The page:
• Wow, indeed. The PA doesn’t even run the subways, LIRR, or MNR, so this starts off by making zero sense.

      Even if they did, improving things for cyclists is a net positive for the city, and may even make riding the bus or rails more comfortable, if people switch modes. Either way, as J says, these are paid for by advertising, just like the bus shelters and kiosks.

  5. Hi there–this is the CEO of Oonee!

    I wanted to address some of the concerns that were raised in this post and in the comments:

    1. Whether protected secure, access controlled secure bike parking facilities are an essential part of a cycling ecosystem– this isn’t a new concept, it’s true in most cycling cities. While the concept isn’t new, New York has lagged far behind peer cities in North America and Europe in creating this infrastructure. The model we are using here is no different than bus shelters and newsstands. If you care about cycling, then secure parking is a must. If you consider cycling to be a viable form of transit, then free secure parking isn’t just valuable, it’s the holy grail.

    You can lock your bike to a rack yes– but this provides only limited protection against theft– and no protection against vandalism or weathering. Bicycle racks are Class II parking and really only suitable for 1-2 hour stays. Longer term parking (for the workday or overnight) should be in Class I facilities.

    You can read about the distinction in this TA report (which also specifically mentions our work)

    2. There is advertising yes– but this finances the full cost of maintaining upgraded plaza (the mural was part of the project) and keeps the facility free to use for cyclists and scooter riders. I will also point out that there is also advertising on this very site, presumably allowing it to remain free to readers. We’re taking the same approach.

    3. Our work has been endorsed by cycling advocates around the city including Transportation Alternatives, Bike New York and StreetsPac– and creating this class of infrastructure has been on our city’s to do list for two decades.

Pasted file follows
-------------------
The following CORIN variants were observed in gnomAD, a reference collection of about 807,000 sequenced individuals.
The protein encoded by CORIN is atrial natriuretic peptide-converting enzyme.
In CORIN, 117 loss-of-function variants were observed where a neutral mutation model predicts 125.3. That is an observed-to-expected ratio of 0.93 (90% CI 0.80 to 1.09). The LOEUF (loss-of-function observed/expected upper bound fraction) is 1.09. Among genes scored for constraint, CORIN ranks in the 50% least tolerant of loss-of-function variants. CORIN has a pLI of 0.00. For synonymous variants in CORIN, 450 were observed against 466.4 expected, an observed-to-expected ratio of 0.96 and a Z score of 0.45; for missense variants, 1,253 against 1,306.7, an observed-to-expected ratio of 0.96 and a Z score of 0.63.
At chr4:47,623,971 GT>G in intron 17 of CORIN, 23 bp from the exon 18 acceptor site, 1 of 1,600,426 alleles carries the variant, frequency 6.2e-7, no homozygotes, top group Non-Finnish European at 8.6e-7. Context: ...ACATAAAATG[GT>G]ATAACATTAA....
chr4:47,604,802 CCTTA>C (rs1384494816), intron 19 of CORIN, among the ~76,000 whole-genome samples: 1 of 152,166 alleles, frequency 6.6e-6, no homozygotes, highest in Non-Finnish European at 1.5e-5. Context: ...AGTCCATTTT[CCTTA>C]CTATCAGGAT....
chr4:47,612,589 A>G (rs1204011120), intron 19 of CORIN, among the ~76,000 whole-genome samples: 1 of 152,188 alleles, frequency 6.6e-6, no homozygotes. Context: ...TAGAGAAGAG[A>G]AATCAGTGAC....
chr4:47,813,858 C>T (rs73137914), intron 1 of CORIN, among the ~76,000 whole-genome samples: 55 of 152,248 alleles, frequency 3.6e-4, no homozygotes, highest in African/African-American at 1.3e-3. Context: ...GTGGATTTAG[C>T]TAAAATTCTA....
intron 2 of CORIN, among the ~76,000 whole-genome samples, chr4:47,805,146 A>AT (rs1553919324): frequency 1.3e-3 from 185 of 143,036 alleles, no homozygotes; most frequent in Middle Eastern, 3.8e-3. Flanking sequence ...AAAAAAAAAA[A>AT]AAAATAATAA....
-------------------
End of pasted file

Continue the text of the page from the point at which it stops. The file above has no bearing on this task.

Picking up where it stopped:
4. We are a small Black & Brown based startup that is working to build these facilities across the region. Some of our facilities are the size of a bikeshare rack, others are located inside buildings.

    We would be happy to have a conversation with you about our project. Thanks so much for your time!

    • Very odd to connect the advertising on my tiny corner of the internet to a public streetscape!

      • Hi again, thanks sincerely for your engagement here!

        If you read my comments again, you will see that I’ve pointed out that advertising is commonly used to pay for services in both the physical space (bus shelters, bikeshare, newsstands, subways etc) as well as the online space (i.e. this very blog, social media etc).

        And yes, I do think it’s slightly ironic to label us a “advertisement disguised as a public benefit,” when there is more visual real estate on this blog dedicated to advertising than words. Like you, we have to pay the bills somehow. We don’t operate with any public subsidy at this location… and as others in the comment section have pointed out… these secure bike parking structures are quite common across the world. New York has been a laggard in this category for years, and we’ve unlocked a way to make this happen, for free to users and the public.

        • Everyone, whether they use the service you provide or not, has to look at your ads, so while I understand how advertising works, I see advertising on public land as a completely different model. I don’t like billboards on private land either. Also there are 15,000 posts on this site, so no, there are not more ads than words!

      • The commenter is pointing out that advertising is used to subsidise a variety of ‘free’ services. Seems a fair point to me.

    • While I can appreciate the desire to generate revenue the signage on top of this structure seems to be in violation of the NYC Zoning resolution for the district. I believe it is an M1 district which does not allow flashing signage. The signage is not allowed to interfere with the reasonable use and enjoyment of residents which seems to not be the case, as the sign flashes into multiple apartments 24hrs a day. There are also restrictions on the size of the sign based on the street frontage which this sign clearly does not comply with. I can’t imagine that it is necessary to have a flashing sign at all hours of the night. In addition distracting drivers with a giant flashing sign seems like a terrible idea at an intersection that is incredibly busy.

      To be clear I have already communicated this multiple times to the representative for our district with no acknowledgement or response.

      • Hi Concerned Citizen,

        We are compliant with all applicable regulations at this site, (its state property not local) and while the signs do not flash or move (animation is not allowed so as not to distract drivers)– we would be happy to have a conversation with you about dimming the screens during the evening hours. We ommitted a screen facing west to avoid adverse impacts on residences.

        It’s important to us that we are a good neighbor and we would be happy to work with you here. Please do feel free to reach out to me at

      • Your representative likely has bigger fish to fry rather than devote time to your frivolous and rather baseless concerns about “flashing” signage